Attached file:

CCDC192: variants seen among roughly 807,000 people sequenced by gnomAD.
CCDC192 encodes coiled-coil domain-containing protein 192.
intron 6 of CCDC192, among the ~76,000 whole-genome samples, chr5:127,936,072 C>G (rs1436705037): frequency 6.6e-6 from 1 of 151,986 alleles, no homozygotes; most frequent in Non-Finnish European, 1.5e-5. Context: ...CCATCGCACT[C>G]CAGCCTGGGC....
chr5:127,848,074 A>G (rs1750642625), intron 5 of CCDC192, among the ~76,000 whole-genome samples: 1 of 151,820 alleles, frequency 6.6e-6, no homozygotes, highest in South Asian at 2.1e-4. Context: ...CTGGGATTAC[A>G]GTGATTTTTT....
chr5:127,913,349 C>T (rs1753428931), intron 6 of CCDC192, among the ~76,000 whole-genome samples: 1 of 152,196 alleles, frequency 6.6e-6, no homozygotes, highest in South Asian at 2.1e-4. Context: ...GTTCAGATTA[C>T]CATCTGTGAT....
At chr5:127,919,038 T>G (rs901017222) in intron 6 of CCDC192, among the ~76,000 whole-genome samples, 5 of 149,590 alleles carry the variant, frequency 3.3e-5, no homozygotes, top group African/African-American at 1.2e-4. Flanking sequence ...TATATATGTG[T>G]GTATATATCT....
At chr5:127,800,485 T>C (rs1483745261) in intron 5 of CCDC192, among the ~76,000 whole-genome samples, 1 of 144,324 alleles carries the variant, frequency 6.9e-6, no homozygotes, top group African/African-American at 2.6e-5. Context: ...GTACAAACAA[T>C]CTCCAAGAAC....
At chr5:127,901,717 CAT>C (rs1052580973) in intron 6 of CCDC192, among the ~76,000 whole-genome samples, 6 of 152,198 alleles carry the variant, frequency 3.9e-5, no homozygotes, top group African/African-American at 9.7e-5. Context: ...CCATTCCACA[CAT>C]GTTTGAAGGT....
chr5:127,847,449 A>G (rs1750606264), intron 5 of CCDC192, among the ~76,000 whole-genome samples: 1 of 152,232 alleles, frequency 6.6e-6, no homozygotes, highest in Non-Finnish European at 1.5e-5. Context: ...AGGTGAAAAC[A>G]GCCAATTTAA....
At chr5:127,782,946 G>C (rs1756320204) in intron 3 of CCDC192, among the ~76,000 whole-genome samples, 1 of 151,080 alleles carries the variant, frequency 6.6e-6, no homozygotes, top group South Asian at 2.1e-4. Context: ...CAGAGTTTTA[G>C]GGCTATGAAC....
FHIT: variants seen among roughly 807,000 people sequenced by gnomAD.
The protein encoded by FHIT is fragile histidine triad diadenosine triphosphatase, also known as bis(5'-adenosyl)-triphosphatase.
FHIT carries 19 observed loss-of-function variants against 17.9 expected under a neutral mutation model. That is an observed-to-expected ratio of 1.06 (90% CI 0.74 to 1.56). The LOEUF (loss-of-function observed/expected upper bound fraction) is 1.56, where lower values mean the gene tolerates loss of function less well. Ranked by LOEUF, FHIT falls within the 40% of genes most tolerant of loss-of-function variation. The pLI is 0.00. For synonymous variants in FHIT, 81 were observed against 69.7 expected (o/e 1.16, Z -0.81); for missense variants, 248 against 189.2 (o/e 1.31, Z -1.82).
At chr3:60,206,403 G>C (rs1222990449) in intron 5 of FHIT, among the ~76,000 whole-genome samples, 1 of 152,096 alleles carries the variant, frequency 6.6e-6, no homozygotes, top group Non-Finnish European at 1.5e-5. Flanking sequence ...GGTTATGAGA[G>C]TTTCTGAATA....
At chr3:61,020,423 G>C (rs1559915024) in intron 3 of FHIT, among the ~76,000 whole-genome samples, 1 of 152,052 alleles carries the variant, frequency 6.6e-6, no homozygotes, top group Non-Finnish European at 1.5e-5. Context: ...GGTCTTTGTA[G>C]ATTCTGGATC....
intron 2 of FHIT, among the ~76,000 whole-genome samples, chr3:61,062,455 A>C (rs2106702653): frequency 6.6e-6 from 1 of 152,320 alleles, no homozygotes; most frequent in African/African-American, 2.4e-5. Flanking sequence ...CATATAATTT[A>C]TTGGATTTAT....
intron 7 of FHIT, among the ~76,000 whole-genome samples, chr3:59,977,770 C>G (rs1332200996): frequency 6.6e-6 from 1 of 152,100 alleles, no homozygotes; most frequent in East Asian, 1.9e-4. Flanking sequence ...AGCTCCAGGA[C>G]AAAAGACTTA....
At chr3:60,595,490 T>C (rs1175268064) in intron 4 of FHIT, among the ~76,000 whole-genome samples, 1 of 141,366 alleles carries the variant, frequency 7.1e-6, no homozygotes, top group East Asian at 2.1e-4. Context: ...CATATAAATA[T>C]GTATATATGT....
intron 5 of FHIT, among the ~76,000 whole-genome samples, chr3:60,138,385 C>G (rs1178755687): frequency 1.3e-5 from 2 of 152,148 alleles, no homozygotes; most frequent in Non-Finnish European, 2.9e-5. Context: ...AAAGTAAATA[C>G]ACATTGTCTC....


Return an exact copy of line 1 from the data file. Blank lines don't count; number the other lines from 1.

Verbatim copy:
CCDC192: variants seen among roughly 807,000 people sequenced by gnomAD.